Wilson Center Projects
The Empire Reborn: China's Rise and the Transformation of Global Power
Edward Wong is a diplomatic correspondent at The New York Times who reports on foreign policy from Washington, D.C. He has worked for the Times for more than 20 years, reporting for 13 of those as an international correspondent and bureau chief from China and Iraq. As Beijing bureau chief, he ran the Times’ largest overseas operation. He has reported from dozens of countries, including Afghanistan, North Korea, Saudi Arabia, Vietnam, Myanmar, Mongolia, Uganda, and Ukraine.
Wong has been a Nieman Fellow at Harvard University and has taught at Princeton University as a Ferris Professor of Journalism. He is an associate at the Harvard Kennedy School’s Belfer Center for Science and International Affairs. Wong serves on the advisory board of the University of California at Berkeley Graduate School of Journalism. He has taught at the Aspen Institute.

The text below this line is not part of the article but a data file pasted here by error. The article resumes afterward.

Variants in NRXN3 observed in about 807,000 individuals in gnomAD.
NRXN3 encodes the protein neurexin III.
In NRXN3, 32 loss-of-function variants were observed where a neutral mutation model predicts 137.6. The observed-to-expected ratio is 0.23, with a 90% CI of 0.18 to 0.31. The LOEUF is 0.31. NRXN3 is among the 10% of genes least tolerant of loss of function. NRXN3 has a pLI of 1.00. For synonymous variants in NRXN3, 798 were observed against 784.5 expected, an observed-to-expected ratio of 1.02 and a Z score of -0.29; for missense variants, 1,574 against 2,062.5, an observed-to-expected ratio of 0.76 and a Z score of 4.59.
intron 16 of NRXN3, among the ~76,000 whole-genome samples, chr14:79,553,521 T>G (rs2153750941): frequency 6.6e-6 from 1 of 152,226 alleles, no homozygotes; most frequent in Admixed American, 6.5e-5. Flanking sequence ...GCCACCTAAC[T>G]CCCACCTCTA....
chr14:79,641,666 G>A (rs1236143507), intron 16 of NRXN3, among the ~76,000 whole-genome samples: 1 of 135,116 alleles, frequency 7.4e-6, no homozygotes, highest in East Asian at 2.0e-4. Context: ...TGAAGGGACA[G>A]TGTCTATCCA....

He appears regularly on CBS News’ “Face the Nation” and has spoken on “PBS NewsHour,” NPR, BBC, CBC, and ARTE. Edward has appeared in documentary films on the Iraq War and China and has produced his own short film on China. He has given talks on foreign policy, war, journalism, Asia and the Middle East at conferences, universities and research centers.
Wong is the recipient of the Livingston Prize for his reporting from Iraq, and he is a member of a Baghdad bureau team that was a finalist for a Pulitzer Prize. He received a prize for environmental reporting from The Society of Publishers in Asia for stories on China’s pollution crisis and shared a prize in feature writing from the same organization for a series on China’s global influence. He was on the Times team that received an award for best documentary project from Pictures of the Year International for a series on global climate change migrants. The project was also nominated for an Emmy Award. He has a prize from the Associated Press Sports Editors.
Wong graduated with honors from the University of Virginia with a Bachelor’s degree in English literature. He has dual Master’s degrees in journalism and international studies from the University of California at Berkeley. He has studied Mandarin Chinese at the Beijing Language and Culture University, Taiwan University and Middlebury College. He was born in Washington, D.C.